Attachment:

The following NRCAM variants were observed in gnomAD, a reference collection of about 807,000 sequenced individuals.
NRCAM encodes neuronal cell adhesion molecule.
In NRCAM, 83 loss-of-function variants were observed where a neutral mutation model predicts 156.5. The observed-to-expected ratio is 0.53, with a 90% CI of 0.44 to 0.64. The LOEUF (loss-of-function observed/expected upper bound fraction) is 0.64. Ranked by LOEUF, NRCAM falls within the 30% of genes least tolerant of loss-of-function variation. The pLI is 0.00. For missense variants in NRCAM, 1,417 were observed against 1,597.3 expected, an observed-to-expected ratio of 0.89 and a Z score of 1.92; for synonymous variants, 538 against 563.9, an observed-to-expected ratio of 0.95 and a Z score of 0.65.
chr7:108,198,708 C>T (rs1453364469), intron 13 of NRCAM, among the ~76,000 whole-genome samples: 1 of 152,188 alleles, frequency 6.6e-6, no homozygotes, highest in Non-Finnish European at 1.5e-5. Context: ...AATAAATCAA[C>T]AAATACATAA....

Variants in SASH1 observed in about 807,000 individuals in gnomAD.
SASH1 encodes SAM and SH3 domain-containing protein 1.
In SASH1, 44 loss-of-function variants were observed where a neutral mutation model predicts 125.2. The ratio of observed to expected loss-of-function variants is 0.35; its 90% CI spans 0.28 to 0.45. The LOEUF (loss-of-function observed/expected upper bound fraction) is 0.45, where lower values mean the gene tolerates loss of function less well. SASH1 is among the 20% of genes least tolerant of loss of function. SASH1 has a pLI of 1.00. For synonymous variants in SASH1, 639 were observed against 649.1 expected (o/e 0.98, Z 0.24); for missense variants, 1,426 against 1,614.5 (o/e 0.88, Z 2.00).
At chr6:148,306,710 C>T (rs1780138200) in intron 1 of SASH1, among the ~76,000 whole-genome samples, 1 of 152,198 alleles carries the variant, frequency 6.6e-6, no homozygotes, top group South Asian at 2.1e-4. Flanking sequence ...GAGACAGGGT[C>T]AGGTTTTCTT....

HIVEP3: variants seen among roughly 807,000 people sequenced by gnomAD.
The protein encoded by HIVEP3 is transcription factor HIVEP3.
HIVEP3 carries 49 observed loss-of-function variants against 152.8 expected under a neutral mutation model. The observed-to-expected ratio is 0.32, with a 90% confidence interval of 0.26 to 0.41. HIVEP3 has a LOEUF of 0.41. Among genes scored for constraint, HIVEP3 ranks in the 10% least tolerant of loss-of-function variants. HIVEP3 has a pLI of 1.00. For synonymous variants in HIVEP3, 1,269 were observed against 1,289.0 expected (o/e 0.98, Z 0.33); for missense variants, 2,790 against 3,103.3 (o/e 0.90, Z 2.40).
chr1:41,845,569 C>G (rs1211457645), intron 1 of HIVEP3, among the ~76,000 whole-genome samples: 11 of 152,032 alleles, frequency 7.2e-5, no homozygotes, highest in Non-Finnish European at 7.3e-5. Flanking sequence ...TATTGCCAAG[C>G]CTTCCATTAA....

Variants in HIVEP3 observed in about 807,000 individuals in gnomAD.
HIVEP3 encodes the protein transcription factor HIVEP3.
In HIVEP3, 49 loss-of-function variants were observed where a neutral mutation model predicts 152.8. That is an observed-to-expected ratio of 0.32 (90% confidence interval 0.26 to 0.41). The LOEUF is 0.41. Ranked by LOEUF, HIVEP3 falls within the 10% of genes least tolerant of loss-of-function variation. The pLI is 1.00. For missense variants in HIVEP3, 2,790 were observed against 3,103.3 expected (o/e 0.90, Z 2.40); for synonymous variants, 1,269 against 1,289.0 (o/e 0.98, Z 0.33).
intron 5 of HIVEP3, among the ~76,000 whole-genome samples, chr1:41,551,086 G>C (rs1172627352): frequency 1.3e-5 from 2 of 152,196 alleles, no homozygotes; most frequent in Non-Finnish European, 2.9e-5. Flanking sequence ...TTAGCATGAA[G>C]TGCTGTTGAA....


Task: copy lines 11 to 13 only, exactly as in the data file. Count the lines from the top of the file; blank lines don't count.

HIVEP3 carries 49 observed loss-of-function variants against 152.8 expected under a neutral mutation model. The observed-to-expected ratio is 0.32, with a 90% confidence interval of 0.26 to 0.41. HIVEP3 has a LOEUF of 0.41. Among genes scored for constraint, HIVEP3 ranks in the 10% least tolerant of loss-of-function variants. HIVEP3 has a pLI of 1.00. For synonymous variants in HIVEP3, 1,269 were observed against 1,289.0 expected (o/e 0.98, Z 0.33); for missense variants, 2,790 against 3,103.3 (o/e 0.90, Z 2.40).
chr1:41,845,569 C>G (rs1211457645), intron 1 of HIVEP3, among the ~76,000 whole-genome samples: 11 of 152,032 alleles, frequency 7.2e-5, no homozygotes, highest in Non-Finnish European at 7.3e-5. Flanking sequence ...TATTGCCAAG[C>G]CTTCCATTAA....

Variants in HIVEP3 observed in about 807,000 individuals in gnomAD.